Immediately after the heroin use, people experience the feeling of euphoria surge, dry mouth, heaviness, warm skin flushing, and other symptoms. The initial euphoria is changed with the alternate state of wakefulness and drowsiness. Regular use of the drug brings changes in the brain’s functioning. Heroin abuse is closely related to numerous health conditions including hepatitis, HIV/AIDS, fatalities in case of overdose, spontaneous abortion, collapsed veins, gastrointestinal cramping, kidney and liver diseases, abscesses, and others (National Institute of Drug Abuse, 2013). Heroin is also blamed for pulmonary complications such as diverse pneumonia types, physical dependence, and delays in development. Many heroin users buy the drug on the streets. It means that the drug contains additives that extremely increase the risk of having clogged blood vessels that usually results in the damages of the lungs, brain, kidney, liver and other vital organs (Dowling, Weiss, & Condon, 2008). Therefore, street heroin is mixed with other drugs or white substances including starch, sugar, powdered milk, etc. Street heroin users are in a great danger because of strychnine or other poisonous substances that are sometimes added to the drug. As a rule, heroin addicts do not know the drug strength purchased on the street and this may cause overdose or even death.
People who use heroin show behavioral signs of their addiction. They include deceptive behavior, incoherent speech, decreased performance at work or school, reduced productivity, and apathy. In addition, heroin addicts spend more time sleeping, tend to avoid eye contact with their interlocutors, poor attention to physical appearance, loss of motivation, withdrawal from relatives and friends, and hostile behavior. Regular users of heroin repeatedly steal or borrow money as well as wear long sleeves and long pants even when it is hot.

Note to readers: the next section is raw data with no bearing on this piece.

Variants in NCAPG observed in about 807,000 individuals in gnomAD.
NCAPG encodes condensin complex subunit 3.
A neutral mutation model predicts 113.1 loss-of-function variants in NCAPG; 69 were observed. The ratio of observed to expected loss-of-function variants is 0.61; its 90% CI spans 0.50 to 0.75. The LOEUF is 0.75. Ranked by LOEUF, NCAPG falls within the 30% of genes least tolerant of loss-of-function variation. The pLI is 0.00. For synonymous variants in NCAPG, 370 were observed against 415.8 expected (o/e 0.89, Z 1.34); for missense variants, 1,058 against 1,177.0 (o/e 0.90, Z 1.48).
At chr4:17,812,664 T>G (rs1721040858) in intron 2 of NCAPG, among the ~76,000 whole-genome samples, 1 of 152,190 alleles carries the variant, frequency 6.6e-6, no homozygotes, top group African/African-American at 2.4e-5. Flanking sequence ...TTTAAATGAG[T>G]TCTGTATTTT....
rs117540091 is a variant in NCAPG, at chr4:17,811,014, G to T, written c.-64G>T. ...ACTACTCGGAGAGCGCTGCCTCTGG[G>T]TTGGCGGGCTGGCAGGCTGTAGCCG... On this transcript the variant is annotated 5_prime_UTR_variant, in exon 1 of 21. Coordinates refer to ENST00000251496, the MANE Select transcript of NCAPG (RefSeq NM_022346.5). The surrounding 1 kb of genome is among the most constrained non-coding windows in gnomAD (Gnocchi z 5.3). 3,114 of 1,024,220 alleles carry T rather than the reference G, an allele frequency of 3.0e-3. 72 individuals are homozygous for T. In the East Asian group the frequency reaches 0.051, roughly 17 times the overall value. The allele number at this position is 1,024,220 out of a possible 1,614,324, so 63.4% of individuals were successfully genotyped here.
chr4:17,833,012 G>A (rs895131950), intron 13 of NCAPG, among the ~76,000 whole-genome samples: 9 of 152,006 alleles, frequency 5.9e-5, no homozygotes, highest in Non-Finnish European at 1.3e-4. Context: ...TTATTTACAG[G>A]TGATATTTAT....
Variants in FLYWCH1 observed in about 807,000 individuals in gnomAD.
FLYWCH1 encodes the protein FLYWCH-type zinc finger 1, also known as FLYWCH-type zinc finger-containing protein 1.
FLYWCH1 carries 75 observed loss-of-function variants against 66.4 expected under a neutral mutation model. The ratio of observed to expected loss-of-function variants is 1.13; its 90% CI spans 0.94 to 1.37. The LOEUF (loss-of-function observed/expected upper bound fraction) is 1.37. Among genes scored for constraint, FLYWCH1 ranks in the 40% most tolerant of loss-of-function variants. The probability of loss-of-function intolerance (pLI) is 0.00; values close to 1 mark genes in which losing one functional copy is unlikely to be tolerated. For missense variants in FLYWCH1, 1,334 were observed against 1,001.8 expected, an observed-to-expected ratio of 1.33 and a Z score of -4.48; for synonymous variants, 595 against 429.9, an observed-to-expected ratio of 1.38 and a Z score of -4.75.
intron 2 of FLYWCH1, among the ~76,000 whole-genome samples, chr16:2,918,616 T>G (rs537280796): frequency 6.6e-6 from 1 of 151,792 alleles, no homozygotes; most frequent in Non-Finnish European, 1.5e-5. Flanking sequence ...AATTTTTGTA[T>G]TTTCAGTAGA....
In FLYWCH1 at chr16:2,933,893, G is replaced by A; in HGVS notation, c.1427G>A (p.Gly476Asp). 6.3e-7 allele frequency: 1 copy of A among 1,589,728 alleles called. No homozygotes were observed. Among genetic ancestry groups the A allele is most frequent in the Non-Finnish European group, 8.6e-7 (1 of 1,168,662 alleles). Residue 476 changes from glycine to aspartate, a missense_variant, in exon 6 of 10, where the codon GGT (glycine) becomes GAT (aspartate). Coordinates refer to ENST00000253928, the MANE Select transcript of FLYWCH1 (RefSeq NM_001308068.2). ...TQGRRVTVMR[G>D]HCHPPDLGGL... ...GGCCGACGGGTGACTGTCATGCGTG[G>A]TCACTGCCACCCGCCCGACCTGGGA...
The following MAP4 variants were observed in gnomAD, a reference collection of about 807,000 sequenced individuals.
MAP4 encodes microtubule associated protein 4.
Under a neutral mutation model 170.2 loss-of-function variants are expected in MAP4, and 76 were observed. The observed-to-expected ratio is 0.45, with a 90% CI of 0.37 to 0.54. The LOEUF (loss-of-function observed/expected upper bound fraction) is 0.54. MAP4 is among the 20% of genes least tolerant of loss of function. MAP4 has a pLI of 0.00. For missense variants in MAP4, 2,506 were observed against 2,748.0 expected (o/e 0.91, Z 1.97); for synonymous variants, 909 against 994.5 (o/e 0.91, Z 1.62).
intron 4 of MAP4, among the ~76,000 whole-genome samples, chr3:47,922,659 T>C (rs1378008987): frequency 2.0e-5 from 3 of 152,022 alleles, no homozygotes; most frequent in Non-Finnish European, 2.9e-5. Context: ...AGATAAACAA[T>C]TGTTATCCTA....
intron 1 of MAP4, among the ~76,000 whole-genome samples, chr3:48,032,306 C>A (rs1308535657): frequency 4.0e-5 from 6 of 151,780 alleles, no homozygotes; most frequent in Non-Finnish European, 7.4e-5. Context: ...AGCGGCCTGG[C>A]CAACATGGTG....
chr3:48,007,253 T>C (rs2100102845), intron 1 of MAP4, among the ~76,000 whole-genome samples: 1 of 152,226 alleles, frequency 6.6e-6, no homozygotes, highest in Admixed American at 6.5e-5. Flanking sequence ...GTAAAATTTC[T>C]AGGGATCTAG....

Despite the countless negative impact of heroin on the human body, the limited and strictly controlled amount of the drug may be effectively used to deal with depression and other related conditions. Moreover, heroin is a good pain reliever.
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Thus, heroin is a dangerous drug that causes strong addiction and numerous negative influences. Heroin abuse is a debilitating habit that results in health-related diseases and problems in social and family life. Researches show that five-year use of heroin provides the drug user with a 95% chance of getting hepatitis C as the drugs are mostly injected. Sharing of non-sterile needles may also lead to other infectious diseases. Nowadays, heroin abuse and addiction are treated to be extremely serious medical disorders that require immediate addressing. Professional help is crucial to dealing with the complications that result from the drug use. Although heroin may be used to relieve pain and reduce depression, its negative impact far overweight and put the drug among the most dangerous substances that cause extreme addiction.